Rise of the Beasts is partially set in Brooklyn, NY in 1994.  This was an era where Hip Hop bathed the airwaves and some of the greatest artists of the genre were thriving.  The movie uses this to great effect, integrating hits like  “C.R.E.A.M (Cash Rules Everything Around Me)” by Wu-Tang Clan,  “Rebirth of Slick (Cool Like Dat)” by Digable Planets, “The Choice Is Yours” by Black Sheep and  “Mama Said Knock You Out” by LL Cool J into key scenes.  What is important is the music is there to support the scenes.  They are not just jammed in there to provide some background noise.  For instance, “Rebirth of Slick (Cool Like Dat)” plays during a scene where Noah is sneaking into a building and trying to keep his cool.  “Mama Said Knock You Out” plays when Bumblebee gets a big battle scene to himself where he indeed knocks out (or just flat out blows up) several bad guys (this is one of my absolute favorite scenes in the film and every audience I saw it with cheered).  The music choices are on the nose, but that type of audio bombast is most welcome in a film of this franchise.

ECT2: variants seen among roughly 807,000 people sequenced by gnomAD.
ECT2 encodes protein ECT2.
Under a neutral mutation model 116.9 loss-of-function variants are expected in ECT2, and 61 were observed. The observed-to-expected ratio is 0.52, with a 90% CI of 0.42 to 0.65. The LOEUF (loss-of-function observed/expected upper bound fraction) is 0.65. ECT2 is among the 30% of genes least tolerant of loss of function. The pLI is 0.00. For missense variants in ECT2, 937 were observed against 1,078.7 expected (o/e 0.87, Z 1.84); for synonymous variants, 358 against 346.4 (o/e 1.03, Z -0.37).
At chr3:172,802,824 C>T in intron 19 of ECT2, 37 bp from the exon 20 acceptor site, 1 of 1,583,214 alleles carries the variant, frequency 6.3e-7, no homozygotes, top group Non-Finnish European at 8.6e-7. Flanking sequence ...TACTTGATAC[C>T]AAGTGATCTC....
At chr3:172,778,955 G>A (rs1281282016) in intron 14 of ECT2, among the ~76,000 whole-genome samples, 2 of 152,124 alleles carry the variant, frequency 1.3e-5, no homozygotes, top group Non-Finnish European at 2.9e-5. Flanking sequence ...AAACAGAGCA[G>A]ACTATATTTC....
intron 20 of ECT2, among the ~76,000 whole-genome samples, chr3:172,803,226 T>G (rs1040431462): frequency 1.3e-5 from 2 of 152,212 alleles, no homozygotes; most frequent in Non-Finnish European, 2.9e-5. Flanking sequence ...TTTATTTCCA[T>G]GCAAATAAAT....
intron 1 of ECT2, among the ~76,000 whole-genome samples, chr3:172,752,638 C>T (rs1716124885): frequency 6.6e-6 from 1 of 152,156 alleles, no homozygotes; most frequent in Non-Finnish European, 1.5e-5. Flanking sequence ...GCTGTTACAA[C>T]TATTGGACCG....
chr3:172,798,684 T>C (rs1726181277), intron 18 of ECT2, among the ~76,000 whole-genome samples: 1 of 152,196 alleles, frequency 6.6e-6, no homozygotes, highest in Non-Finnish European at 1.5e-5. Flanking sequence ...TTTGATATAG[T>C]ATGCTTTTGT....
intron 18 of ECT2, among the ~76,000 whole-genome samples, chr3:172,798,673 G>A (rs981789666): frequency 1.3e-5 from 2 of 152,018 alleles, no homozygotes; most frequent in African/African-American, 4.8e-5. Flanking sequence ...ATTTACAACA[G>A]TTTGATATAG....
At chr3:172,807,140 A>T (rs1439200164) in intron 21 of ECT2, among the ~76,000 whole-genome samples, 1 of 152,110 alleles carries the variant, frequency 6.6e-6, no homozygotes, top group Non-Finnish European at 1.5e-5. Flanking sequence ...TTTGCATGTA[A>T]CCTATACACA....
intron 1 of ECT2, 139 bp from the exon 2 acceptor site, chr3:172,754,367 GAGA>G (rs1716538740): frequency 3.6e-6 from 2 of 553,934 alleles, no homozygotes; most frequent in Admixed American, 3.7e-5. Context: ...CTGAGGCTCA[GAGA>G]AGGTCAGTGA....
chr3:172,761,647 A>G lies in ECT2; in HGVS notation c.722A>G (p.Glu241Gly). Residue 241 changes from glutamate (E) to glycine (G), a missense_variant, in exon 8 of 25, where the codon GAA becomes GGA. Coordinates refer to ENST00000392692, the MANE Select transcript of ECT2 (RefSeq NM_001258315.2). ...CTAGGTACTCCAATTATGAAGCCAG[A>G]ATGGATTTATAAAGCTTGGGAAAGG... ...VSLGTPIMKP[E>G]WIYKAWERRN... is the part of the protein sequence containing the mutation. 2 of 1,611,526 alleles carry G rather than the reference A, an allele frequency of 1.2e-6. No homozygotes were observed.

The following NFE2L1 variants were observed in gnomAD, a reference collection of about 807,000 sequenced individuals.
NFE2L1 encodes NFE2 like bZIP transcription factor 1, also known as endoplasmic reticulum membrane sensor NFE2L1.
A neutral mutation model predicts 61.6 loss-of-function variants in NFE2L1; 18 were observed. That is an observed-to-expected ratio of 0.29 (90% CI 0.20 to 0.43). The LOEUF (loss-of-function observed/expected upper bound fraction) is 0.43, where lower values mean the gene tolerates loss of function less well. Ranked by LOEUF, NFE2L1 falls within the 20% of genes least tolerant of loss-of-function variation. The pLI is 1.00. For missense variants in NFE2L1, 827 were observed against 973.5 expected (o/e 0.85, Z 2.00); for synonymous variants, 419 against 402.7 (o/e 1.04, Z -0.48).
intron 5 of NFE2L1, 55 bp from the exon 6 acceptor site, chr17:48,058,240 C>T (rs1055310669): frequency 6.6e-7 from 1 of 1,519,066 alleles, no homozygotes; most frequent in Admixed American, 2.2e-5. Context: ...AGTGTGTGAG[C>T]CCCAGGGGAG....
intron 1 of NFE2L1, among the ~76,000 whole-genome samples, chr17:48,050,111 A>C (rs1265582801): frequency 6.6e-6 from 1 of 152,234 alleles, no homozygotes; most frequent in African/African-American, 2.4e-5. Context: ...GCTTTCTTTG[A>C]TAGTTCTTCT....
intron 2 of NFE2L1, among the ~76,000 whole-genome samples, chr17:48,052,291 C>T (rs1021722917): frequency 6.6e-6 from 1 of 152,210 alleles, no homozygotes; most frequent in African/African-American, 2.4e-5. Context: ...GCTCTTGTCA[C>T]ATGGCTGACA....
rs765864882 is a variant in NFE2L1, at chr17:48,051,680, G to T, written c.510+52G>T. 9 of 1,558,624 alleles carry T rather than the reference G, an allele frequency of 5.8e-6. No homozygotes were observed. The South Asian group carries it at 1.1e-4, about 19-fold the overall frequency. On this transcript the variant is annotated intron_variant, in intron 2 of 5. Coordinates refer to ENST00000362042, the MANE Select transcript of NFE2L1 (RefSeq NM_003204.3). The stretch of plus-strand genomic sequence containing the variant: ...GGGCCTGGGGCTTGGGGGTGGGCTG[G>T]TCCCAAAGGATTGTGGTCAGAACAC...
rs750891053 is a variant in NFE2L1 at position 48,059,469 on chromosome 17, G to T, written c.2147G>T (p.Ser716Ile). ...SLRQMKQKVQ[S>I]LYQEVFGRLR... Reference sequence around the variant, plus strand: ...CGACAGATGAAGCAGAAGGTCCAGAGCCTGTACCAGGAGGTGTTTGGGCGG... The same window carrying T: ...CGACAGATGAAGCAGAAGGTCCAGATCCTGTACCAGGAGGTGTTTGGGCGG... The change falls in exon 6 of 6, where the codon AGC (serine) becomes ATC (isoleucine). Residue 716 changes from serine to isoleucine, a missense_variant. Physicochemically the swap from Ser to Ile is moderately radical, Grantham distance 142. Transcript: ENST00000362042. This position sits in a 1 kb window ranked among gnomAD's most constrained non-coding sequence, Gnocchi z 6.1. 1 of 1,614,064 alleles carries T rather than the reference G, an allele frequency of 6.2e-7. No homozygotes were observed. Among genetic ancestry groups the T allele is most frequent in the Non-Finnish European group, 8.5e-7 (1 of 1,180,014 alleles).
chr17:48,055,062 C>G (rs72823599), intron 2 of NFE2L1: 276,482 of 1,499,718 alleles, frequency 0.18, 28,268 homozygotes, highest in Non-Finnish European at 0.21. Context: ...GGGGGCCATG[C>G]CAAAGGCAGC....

Jongnic Bontemps takes over the composer reigns from previous composers Steve Jablonsky and Dario Marianelli.   He does a good job, with the score blending nicely with the licensed Hip Hop music.   His version of Vince DiCola's Unicron theme is less synth based but very  much recognizable and frightening to those who know the character.  It was a joy to hear what is essentially an "audio Easter Egg" in the filmThere is a rousing moment at the climax of the film where the main theme from the 2007 Transformers film plays and it is a reminder of how glorious Jablonsky's music was in previous films.  However, Bontemps does contribute one piece of music that really affected me to my core, and that was his "Unicron/Scourge" theme.  Its tense, screeching sounds broadcast that a malevolent, destructive force is coming.  It encapsulates the character of Scourge perfectly in music form and I really liked it.